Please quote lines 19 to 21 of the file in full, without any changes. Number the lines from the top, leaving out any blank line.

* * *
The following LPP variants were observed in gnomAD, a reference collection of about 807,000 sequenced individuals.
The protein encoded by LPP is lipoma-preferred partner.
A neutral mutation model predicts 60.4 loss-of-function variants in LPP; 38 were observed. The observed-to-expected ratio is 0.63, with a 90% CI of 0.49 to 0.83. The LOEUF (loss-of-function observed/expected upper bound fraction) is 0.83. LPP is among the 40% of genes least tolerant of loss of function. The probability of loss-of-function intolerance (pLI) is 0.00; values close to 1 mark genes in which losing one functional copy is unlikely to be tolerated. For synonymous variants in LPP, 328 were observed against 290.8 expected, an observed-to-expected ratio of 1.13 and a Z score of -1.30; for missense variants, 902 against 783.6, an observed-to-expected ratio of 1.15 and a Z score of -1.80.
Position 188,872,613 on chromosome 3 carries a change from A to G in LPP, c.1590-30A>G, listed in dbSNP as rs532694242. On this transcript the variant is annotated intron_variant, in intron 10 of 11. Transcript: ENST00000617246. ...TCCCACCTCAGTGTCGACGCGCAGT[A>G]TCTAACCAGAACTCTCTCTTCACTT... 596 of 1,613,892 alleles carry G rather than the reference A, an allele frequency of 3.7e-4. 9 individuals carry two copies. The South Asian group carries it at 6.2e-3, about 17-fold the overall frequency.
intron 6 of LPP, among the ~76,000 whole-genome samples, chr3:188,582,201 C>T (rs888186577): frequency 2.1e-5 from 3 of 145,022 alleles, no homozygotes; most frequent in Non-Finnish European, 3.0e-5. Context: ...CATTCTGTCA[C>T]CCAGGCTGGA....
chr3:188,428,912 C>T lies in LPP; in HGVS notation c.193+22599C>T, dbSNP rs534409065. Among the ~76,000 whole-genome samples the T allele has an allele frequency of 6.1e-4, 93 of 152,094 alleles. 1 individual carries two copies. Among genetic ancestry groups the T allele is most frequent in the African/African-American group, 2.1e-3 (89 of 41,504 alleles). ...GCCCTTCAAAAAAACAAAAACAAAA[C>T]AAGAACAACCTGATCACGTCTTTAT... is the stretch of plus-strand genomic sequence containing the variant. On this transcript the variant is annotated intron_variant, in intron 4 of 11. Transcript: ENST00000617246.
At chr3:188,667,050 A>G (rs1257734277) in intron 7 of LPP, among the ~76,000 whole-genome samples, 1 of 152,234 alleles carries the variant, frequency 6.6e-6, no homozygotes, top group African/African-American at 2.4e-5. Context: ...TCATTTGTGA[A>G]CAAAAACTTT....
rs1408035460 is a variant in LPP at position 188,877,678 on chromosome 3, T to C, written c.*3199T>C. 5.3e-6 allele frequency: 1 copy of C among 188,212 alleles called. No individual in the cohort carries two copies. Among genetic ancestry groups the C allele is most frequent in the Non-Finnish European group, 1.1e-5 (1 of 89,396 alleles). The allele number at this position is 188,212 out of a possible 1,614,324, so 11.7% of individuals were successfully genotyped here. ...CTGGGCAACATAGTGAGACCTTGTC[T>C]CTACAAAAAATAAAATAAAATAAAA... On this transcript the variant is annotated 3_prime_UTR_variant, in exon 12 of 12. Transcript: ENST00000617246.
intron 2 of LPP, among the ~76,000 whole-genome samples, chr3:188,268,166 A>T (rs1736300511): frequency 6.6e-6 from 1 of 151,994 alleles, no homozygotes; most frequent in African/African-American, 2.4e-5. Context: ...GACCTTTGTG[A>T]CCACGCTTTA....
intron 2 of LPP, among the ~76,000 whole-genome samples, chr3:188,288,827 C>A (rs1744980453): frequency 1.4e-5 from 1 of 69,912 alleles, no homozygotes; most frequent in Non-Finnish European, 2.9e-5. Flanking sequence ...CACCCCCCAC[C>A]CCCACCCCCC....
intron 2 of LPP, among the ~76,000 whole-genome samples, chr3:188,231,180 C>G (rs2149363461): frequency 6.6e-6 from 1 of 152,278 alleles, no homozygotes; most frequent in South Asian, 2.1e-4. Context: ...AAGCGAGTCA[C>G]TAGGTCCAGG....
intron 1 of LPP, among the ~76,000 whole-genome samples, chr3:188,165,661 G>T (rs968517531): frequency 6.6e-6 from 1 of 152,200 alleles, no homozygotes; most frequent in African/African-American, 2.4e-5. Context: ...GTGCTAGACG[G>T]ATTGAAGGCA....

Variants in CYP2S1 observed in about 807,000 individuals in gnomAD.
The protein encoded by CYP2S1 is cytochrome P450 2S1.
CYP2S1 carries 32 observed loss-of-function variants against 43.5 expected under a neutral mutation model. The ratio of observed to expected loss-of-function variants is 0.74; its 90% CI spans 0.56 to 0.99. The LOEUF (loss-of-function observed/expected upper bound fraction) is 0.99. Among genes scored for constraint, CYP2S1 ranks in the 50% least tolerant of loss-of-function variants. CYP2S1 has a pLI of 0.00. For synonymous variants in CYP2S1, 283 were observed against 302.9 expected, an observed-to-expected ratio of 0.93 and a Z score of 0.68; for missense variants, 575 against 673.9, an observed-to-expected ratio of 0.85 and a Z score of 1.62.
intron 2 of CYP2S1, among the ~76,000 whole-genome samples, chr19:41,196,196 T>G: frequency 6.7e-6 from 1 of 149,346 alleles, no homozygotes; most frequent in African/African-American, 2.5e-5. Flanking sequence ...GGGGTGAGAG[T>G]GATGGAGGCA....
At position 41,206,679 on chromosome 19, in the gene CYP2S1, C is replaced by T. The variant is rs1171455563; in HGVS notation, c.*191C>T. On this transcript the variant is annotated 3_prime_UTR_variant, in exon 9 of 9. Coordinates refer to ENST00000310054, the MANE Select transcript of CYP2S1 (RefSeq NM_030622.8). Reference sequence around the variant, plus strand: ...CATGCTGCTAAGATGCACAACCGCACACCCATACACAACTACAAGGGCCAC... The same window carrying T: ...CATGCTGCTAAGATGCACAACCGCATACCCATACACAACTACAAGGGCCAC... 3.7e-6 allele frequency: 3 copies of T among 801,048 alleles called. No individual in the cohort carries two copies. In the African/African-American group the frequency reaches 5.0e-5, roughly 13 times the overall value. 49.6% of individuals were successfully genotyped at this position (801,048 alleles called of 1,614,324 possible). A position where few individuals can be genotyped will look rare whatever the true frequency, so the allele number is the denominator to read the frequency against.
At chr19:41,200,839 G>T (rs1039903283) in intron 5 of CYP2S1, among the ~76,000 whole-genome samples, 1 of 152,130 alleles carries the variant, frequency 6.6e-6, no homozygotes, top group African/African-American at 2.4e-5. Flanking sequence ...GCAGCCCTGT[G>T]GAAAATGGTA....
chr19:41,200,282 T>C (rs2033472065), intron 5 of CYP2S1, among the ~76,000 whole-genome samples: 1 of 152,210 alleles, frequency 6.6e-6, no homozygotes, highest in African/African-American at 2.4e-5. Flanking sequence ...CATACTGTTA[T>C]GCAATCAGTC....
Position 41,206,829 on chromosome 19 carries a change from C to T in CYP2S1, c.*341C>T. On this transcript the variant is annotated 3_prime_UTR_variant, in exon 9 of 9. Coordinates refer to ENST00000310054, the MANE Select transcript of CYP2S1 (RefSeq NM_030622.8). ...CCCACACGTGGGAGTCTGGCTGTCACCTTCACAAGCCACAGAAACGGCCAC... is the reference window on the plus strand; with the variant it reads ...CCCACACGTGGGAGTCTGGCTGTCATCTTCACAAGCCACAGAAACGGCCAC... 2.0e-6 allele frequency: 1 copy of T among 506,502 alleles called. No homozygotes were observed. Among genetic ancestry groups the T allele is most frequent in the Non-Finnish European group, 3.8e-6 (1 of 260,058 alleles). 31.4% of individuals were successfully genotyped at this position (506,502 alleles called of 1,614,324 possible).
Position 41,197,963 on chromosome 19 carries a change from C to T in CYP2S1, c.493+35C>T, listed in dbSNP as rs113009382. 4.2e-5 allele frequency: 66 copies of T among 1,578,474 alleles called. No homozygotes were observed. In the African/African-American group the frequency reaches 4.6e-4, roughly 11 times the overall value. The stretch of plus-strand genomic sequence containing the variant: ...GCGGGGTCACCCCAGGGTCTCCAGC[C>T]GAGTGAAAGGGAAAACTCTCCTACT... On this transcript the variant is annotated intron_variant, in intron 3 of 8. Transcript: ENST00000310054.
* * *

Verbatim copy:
chr19:41,200,282 T>C (rs2033472065), intron 5 of CYP2S1, among the ~76,000 whole-genome samples: 1 of 152,210 alleles, frequency 6.6e-6, no homozygotes, highest in African/African-American at 2.4e-5. Flanking sequence ...CATACTGTTA[T>C]GCAATCAGTC....
Position 41,206,829 on chromosome 19 carries a change from C to T in CYP2S1, c.*341C>T. On this transcript the variant is annotated 3_prime_UTR_variant, in exon 9 of 9. Coordinates refer to ENST00000310054, the MANE Select transcript of CYP2S1 (RefSeq NM_030622.8). ...CCCACACGTGGGAGTCTGGCTGTCACCTTCACAAGCCACAGAAACGGCCAC... is the reference window on the plus strand; with the variant it reads ...CCCACACGTGGGAGTCTGGCTGTCATCTTCACAAGCCACAGAAACGGCCAC... 2.0e-6 allele frequency: 1 copy of T among 506,502 alleles called. No homozygotes were observed. Among genetic ancestry groups the T allele is most frequent in the Non-Finnish European group, 3.8e-6 (1 of 260,058 alleles). 31.4% of individuals were successfully genotyped at this position (506,502 alleles called of 1,614,324 possible).
Position 41,197,963 on chromosome 19 carries a change from C to T in CYP2S1, c.493+35C>T, listed in dbSNP as rs113009382. 4.2e-5 allele frequency: 66 copies of T among 1,578,474 alleles called. No homozygotes were observed. In the African/African-American group the frequency reaches 4.6e-4, roughly 11 times the overall value. The stretch of plus-strand genomic sequence containing the variant: ...GCGGGGTCACCCCAGGGTCTCCAGC[C>T]GAGTGAAAGGGAAAACTCTCCTACT... On this transcript the variant is annotated intron_variant, in intron 3 of 8. Transcript: ENST00000310054.